Ken Early: England's old delusion of optimism curdles to fatalism
Nation may expect, but this group of players not stirred by the old ‘up-and-at-em’ game
Only 2,500 England fans are expected in Volgograd. Photograph: Gleb Garanich/Reuters
Two years ago this month more than 10,000 England fans took over Marseille’s Old Port for three solid sunburnt days of drinking, singing and fighting in the build-up to their match against Russia at the Stade Velodrome.
On Monday, England begin their World Cup campaign against Tunisia in Volgograd, where the weather on Saturday afternoon was even better than it had been in Marseille – the sun beating down from a brilliant blue sky, baking the sandy banks of the Volga – but of the England fans there was almost no sign.
Only 2,500 were expected to turn up for the match, which is a big change from the days when more than 60,000 England supporters swarmed into Frankfurt for their team’s first match of the 2006 World Cup.
Of course, it’s easier for English people to get to Frankfurt than to Volgograd, but English supporters have not been put off by long journeys before. Some 15,000 trekked across the highveld to Bloemfontein in South Africa to watch England lose 4-1 to Germany in 2010, and 5,000 journeyed to Manaus in the heart of the Amazon rainforest to see the 2-1 defeat to Italy in 2014.
“I think there’s obviously been a lot of stories leading into the tournament that have put people off coming,” Gareth Southgate said at the Volgograd Arena on Sunday. No doubt that is true; some people must have been put off by the prospect of getting beaten up by the sort of Russian hooligans that ran riot in Marseille, though the prospects of such organised violence happening in sleepy Volgograd seemed remote.
Yet there is also a palpable sense that the standing of the English national team has collapsed since the peak of Golden Generation hype in 2006. People are drifting away.
Too much pressure
The English used to be famous for the delusional optimism with which they approached every tournament, but too many disappointments have seen that gradually curdle into a kind of grim fatalism.
Consider their experience at the last World Cup. In the weeks leading up to the tournament it became popular to say that the media coverage had heaped too much pressure on the players, and that the team might do better if the press reined in expectation somewhat – be a little more respectful, a little less demanding. Roy Hodgson was applauded for a bold squad selection that looked to the future – as though there was ever any point in seeing a World Cup as preparation for the next World Cup.
The efforts to drop the pressure made no difference, England wilted just the same. 2014 was their worst ever World Cup performance: three matches, two goals, one point. Only five of the 23 players Hodgson chose in that futuristic 2014 squad have made it back to the World Cup four years later.
Maybe it was just as well that the England crowd did not show up to repeat its performance in France. It seemed unlikely that Volgograd, a quiet and low-density city, would have had the drinking infrastructure to cope with such an invasion, and this is not the place in which to boast about winning the second World War.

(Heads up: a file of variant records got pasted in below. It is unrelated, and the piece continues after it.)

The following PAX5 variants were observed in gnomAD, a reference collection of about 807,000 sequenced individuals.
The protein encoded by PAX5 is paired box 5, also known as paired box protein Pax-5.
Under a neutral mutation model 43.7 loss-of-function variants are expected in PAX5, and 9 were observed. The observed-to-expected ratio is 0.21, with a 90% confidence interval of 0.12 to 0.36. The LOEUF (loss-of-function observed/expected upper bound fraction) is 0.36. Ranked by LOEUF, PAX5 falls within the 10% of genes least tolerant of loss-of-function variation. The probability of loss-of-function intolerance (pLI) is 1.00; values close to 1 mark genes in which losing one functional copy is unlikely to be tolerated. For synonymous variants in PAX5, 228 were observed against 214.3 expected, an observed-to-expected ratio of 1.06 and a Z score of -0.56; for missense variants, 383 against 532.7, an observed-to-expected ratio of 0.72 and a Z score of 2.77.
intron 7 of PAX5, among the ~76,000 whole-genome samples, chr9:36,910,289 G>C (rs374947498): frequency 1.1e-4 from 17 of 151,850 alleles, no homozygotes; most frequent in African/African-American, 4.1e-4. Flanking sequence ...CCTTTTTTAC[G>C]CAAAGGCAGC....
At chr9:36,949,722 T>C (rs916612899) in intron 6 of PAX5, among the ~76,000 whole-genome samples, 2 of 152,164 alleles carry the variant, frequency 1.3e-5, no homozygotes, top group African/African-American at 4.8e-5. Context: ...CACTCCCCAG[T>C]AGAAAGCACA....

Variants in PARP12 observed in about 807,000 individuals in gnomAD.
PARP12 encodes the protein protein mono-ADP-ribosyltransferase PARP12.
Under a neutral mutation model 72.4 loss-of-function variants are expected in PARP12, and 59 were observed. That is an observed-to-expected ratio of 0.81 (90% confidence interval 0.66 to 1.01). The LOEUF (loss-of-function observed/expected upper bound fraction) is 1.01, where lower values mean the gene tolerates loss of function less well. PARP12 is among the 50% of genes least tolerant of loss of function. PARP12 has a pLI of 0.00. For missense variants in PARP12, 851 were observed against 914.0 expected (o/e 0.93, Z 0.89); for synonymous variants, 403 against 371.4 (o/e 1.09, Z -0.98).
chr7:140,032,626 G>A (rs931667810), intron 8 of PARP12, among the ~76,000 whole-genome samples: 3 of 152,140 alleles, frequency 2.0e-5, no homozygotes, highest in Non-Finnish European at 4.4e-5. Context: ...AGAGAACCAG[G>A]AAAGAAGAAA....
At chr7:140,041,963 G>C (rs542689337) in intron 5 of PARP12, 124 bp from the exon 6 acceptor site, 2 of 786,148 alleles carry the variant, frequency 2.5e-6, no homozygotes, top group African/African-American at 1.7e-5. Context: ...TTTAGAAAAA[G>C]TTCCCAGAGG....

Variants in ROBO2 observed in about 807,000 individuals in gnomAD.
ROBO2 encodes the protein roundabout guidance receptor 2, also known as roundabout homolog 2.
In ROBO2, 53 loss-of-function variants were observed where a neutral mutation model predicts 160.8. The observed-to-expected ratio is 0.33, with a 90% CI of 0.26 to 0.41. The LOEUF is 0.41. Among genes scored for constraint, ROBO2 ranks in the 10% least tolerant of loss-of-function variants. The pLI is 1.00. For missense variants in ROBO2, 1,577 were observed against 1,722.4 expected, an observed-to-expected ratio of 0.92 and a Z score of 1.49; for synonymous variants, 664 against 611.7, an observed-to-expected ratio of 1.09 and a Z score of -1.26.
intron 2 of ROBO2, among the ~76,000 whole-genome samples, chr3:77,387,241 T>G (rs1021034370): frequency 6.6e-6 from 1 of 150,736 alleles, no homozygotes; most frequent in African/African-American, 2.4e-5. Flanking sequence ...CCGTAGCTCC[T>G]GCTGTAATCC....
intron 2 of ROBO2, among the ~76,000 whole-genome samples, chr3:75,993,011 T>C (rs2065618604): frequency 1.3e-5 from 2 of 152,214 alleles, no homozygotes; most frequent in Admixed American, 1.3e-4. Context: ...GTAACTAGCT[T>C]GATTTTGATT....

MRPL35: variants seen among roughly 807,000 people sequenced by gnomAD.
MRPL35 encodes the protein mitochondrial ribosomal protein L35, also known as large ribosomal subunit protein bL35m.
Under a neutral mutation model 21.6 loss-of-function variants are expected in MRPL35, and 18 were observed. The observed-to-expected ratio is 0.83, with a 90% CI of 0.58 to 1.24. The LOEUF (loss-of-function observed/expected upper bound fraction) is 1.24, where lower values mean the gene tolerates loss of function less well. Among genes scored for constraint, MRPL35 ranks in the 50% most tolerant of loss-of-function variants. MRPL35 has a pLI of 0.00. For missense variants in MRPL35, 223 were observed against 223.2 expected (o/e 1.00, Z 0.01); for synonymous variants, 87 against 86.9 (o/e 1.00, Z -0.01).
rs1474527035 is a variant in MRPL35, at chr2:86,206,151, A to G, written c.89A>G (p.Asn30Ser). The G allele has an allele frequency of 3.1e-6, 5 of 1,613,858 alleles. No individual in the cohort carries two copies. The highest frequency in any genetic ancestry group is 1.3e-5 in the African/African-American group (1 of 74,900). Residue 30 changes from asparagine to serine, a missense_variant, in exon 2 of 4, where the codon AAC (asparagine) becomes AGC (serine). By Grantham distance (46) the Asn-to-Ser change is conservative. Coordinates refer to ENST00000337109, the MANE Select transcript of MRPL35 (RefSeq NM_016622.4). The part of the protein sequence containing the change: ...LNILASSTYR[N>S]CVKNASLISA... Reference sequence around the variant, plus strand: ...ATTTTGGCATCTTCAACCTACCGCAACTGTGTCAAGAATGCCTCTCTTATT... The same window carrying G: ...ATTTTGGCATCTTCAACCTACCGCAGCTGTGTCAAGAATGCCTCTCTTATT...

Volgograd lives in the shadow of its history; there are memorials everywhere to the Battle of Stalingrad, and a 85m statue, The Motherland Calls, looms on the height of Mamayev Kurgan overlooking the stadium. A Brazilian reporter asked Southgate and Harry Kane to say what it meant to play at the site of such momentous events. “To see the statue and to have an understanding of the history reminds you that some things are even bigger than football,” Southgate offered. Kane: “The history, it is what it is.”
Southgate was more expansive when the questions turned to English football history – whether his players have been so conditioned by the embarrassments of the past that failure has become a reflex. The manager ended up talking a lot about erroneous perceptions – perceptions of English fans and perceptions of English footballers.
“The players of the past are gone, this team is looking at things in a different way, trying to play in a different way. They have a lot of hunger, a lot of desire, we have better technical players than we’ve had in the past coming through our academies.
“They have a hunger to press and win the ball back, they want to play brave football, they want to be a bold attacking team. That’s why I joined the FA as under-21s coach, because I believed young English players could show something different.
“There was a perception of them across the world, a perception of English football, and I thought it was possible to change that. I’ve seen through our youth teams that’s started to happen, now we’re looking to convert that to the senior team.”
Maybe Southgate is correct that English football culture is morphing into something else in a revolution led from the bottom up, without the game’s establishment really noticing yet.
When he talks about the perception he means the age-old stereotype of kick and rush – “gammon” football if you like – of which you still see plenty in the Premier League, thanks to old school coaches like Sam Allardyce and Tony Pulis. But England’s World Cup players were mostly born in the 1990s. They’ve grown up watching Barcelona, studying Lionel Messi’s skills on YouTube and playing video games in which it’s more effective to pass short than hoof it.
Middle-aged football fans might think the instinct to go long is somehow etched into the English soul, but these players have grown up in a world where no really successful or admirable team still plays that way.
Might the “traditional” British up-and-at-em game be another relic of old Albion that is being washed away by globalisation?